The West. The mere mention of it conjures up images of saddle-weary cowboys with campfire-stained jeans and sunburned noses, lumberjacks with plaid shirts and barrel-size arms, or bewhiskered miners with a faraway glint of treasure in their eyes.
But Old West images - some might say myths - are a far cry from New West realities where cowboys have been replaced by biotechnology experts, lumberjacks by computer software designers and miners by aerospace engineers.And the cowboy boots? They're still around, but chances are you'll find just as many laptop computers and white lab coats these days.
"The West is an area being transformed by technology and the influx of people, most of whom are highly educated and with above-average wages," said Philip Burgess, president of the Center for the New West, a market-oriented think tank based in Denver.
"There are more and more people looking to the West (bringing with them) economic diversification, the need for social re-sponses to growth trends, and a new way of life."
That is another way of saying the new immigrants are nothing like the economic and religious refugees who settled the Old West a century ago. They are freelance professionals, writers, brokers, entrepreneurs - computer cowboys, of sorts, who conduct business nationally and internationally via satellite and computer modem from hundreds of small cities across the West.
"The technology to do that wasn't available seven or eight years ago," Burgess said. Today it is, and the result is unprecedented population growth, economic prosperity and the evolution of a new Western ethic rooted in traditional Western freedoms, but not necessarily the traditional Western industries.
The Center for the New West, which tries to understand and document these trends, has now elected Utah Gov. Mike Leavitt, a champion of information technology and regional cooperation, to the nonprofit center's board of trustees.
"He is a leader among the nation's governors, he has been a leading spokesman for the West in regional and national circles, and he has been a leader in how communications technology can be used to change the way we live and work and play and learn and govern," Burgess said.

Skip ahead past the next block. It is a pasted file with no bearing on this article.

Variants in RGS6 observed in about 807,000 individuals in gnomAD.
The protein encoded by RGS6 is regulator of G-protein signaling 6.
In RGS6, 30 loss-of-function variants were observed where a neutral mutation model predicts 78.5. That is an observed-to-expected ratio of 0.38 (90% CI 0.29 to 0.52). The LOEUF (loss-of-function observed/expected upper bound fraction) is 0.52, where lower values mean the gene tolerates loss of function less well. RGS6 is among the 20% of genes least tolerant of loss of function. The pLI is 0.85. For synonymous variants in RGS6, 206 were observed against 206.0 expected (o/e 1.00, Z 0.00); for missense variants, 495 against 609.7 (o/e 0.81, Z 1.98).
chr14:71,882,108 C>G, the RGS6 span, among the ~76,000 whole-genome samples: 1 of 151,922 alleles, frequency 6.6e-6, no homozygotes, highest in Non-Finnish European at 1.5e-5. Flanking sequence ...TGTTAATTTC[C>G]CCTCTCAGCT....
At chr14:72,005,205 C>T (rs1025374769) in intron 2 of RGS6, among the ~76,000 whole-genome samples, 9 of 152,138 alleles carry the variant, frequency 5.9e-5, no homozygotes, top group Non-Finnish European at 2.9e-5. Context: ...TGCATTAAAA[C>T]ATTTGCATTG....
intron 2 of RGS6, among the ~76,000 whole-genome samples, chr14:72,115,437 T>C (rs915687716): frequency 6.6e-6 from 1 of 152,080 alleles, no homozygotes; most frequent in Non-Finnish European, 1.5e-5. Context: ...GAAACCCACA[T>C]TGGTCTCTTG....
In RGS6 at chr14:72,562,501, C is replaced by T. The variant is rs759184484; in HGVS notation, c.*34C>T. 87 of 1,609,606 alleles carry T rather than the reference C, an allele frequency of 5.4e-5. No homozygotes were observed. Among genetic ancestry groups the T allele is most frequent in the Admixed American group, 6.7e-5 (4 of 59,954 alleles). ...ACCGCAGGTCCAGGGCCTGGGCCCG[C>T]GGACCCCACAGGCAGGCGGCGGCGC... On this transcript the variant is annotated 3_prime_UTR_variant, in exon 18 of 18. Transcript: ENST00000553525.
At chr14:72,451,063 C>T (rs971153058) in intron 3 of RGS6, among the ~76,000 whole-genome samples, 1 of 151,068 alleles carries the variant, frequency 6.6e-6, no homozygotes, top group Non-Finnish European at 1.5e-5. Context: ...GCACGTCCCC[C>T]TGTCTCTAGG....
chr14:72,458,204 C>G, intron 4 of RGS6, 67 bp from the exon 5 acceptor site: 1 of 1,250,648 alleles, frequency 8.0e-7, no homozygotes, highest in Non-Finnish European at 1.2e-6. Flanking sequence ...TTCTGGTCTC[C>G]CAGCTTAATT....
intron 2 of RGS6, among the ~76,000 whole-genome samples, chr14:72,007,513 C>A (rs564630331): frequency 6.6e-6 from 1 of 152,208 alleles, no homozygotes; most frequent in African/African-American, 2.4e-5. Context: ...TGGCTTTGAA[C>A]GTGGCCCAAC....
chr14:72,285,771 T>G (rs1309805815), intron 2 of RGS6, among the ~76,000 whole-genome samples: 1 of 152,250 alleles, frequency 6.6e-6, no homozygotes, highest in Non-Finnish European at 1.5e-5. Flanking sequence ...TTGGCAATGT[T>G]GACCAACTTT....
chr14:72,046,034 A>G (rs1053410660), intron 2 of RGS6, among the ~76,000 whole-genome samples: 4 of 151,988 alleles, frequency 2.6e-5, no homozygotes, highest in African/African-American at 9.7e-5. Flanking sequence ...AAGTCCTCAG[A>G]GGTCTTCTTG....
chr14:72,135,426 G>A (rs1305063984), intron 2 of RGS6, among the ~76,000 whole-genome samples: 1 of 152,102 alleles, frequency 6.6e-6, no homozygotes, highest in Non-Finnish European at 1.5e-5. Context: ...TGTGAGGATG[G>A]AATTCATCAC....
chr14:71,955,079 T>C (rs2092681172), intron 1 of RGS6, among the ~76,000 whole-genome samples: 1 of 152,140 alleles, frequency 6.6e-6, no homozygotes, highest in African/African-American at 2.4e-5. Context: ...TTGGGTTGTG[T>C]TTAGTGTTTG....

Leavitt, a product of an Old West cattle-ranching economy, is a natural fit for the job. He appreciates Old West values, but he also shares a vision of a New West. He has made information technology a top priority of his administration, he has pioneered the concept of a "virtual university" that will link universities across the West into a single super-university accessible by any personal computer, and he is a vocal advocate of a Western regional presidential primary to give the West a greater political voice.
"We have a lot of the same goals," Leavitt said of the Center for the New West. "The West is stronger economically and is viewed with somewhat more prominence culturally and politically, and we are becoming a world player. When I started looking at what I wanted to accomplish in a second term, I wanted Utah to be a player in the emergence of the American West."
Burgess makes no secret about it. The center wanted Leavitt for his political clout. And Leavitt, honored by the selection, admits he sees the Center for the New West as a valuable contributor of new ideas and conservative approaches to problem-solving that can push Utah and the rest of the West into the national forefront.
The challenge, Leavitt said, is to embrace the future and still preserve the unique Old West values - the values of wide open spaces, family, community and church - that make the New West such a desirable place to live.
And it doesn't have to mean throwing out Old West traditions like cattle ranching and mining. In fact, much of the economic revolution that has transformed the West into the fastest-growing economy in the nation was first fueled by natural resource industries that pioneered advanced technology.
Using high-efficiency technology, lumber companies are producing virtually the same amount of timber with only a fraction of the employees. Same with coal mining. In fact, one mine in Wyoming now produces as much coal annually as the entire West did in 1980, Burgess said. And with far fewer employees.
The biotechnology revolution, Burgess added, was a product of Western ranching and land grant universities that promoted research into how ranchers could produce more with less.
"You go to the national stock show in Denver now and half the people have white lab coats on," he said. "The Old West has been transformed right before our eyes into new high-performing, high-productivity, internationally competitive industries."
But economic vitality has come with a political cost. More efficient industries means fewer employees. And in a democracy where people vote, fewer employees means less political influence.
"Politicians care about employees and reporters listen to politicians," Burgess said.
That's where Leavitt comes in. Leavitt is a player on the national political scene, he is respected by other government leaders, and he is an articulate advocate of "getting public sector leaders to understand the importance of technology for jobs and competitiveness in the new economy," Burgess said.